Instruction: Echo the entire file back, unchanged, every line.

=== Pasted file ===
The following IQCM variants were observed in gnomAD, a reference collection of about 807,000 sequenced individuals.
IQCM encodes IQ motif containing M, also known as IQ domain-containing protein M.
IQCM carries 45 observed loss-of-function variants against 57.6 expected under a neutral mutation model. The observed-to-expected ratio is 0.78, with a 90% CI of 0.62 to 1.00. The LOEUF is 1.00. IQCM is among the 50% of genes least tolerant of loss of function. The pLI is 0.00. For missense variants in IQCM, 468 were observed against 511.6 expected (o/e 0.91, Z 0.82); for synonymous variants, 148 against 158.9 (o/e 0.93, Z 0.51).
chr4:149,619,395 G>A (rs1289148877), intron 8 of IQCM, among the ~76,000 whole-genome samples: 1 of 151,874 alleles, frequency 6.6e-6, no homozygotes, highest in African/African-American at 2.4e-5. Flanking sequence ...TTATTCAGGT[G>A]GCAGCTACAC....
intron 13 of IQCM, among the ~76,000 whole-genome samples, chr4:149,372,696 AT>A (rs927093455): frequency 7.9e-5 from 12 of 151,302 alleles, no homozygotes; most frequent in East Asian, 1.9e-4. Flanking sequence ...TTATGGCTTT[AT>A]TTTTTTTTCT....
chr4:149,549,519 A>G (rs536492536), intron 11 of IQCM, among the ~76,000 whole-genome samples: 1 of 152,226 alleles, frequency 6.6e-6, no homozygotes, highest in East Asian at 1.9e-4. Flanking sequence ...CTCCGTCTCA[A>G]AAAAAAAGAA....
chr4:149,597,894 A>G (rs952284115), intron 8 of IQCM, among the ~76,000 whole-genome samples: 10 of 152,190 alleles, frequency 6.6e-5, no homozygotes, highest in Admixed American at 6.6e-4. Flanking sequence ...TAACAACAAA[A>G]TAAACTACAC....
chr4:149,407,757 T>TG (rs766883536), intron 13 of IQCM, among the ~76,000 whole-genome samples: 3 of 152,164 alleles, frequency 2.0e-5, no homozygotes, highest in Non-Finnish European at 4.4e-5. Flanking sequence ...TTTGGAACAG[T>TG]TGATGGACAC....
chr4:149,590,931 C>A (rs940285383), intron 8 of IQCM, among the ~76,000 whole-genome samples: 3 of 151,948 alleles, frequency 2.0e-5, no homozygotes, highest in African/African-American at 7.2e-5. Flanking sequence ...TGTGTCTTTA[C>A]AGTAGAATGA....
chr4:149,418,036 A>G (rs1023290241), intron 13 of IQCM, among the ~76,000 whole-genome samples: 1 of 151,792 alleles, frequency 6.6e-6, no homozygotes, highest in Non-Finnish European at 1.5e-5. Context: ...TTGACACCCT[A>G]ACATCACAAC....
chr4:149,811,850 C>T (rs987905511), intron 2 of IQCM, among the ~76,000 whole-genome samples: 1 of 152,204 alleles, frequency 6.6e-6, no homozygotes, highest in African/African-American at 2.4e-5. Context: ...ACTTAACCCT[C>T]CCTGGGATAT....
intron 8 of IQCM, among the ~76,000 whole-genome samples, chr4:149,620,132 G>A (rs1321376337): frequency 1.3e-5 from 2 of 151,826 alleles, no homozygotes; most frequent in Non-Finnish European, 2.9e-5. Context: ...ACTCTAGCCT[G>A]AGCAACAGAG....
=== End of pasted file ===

The following IQCM variants were observed in gnomAD, a reference collection of about 807,000 sequenced individuals.
IQCM encodes IQ motif containing M, also known as IQ domain-containing protein M.
IQCM carries 45 observed loss-of-function variants against 57.6 expected under a neutral mutation model. The observed-to-expected ratio is 0.78, with a 90% CI of 0.62 to 1.00. The LOEUF is 1.00. IQCM is among the 50% of genes least tolerant of loss of function. The pLI is 0.00. For missense variants in IQCM, 468 were observed against 511.6 expected (o/e 0.91, Z 0.82); for synonymous variants, 148 against 158.9 (o/e 0.93, Z 0.51).
chr4:149,619,395 G>A (rs1289148877), intron 8 of IQCM, among the ~76,000 whole-genome samples: 1 of 151,874 alleles, frequency 6.6e-6, no homozygotes, highest in African/African-American at 2.4e-5. Flanking sequence ...TTATTCAGGT[G>A]GCAGCTACAC....
intron 13 of IQCM, among the ~76,000 whole-genome samples, chr4:149,372,696 AT>A (rs927093455): frequency 7.9e-5 from 12 of 151,302 alleles, no homozygotes; most frequent in East Asian, 1.9e-4. Flanking sequence ...TTATGGCTTT[AT>A]TTTTTTTTCT....
chr4:149,549,519 A>G (rs536492536), intron 11 of IQCM, among the ~76,000 whole-genome samples: 1 of 152,226 alleles, frequency 6.6e-6, no homozygotes, highest in East Asian at 1.9e-4. Flanking sequence ...CTCCGTCTCA[A>G]AAAAAAAGAA....
chr4:149,597,894 A>G (rs952284115), intron 8 of IQCM, among the ~76,000 whole-genome samples: 10 of 152,190 alleles, frequency 6.6e-5, no homozygotes, highest in Admixed American at 6.6e-4. Flanking sequence ...TAACAACAAA[A>G]TAAACTACAC....
chr4:149,407,757 T>TG (rs766883536), intron 13 of IQCM, among the ~76,000 whole-genome samples: 3 of 152,164 alleles, frequency 2.0e-5, no homozygotes, highest in Non-Finnish European at 4.4e-5. Flanking sequence ...TTTGGAACAG[T>TG]TGATGGACAC....
chr4:149,590,931 C>A (rs940285383), intron 8 of IQCM, among the ~76,000 whole-genome samples: 3 of 151,948 alleles, frequency 2.0e-5, no homozygotes, highest in African/African-American at 7.2e-5. Flanking sequence ...TGTGTCTTTA[C>A]AGTAGAATGA....
chr4:149,418,036 A>G (rs1023290241), intron 13 of IQCM, among the ~76,000 whole-genome samples: 1 of 151,792 alleles, frequency 6.6e-6, no homozygotes, highest in Non-Finnish European at 1.5e-5. Context: ...TTGACACCCT[A>G]ACATCACAAC....
chr4:149,811,850 C>T (rs987905511), intron 2 of IQCM, among the ~76,000 whole-genome samples: 1 of 152,204 alleles, frequency 6.6e-6, no homozygotes, highest in African/African-American at 2.4e-5. Context: ...ACTTAACCCT[C>T]CCTGGGATAT....
intron 8 of IQCM, among the ~76,000 whole-genome samples, chr4:149,620,132 G>A (rs1321376337): frequency 1.3e-5 from 2 of 151,826 alleles, no homozygotes; most frequent in Non-Finnish European, 2.9e-5. Context: ...ACTCTAGCCT[G>A]AGCAACAGAG....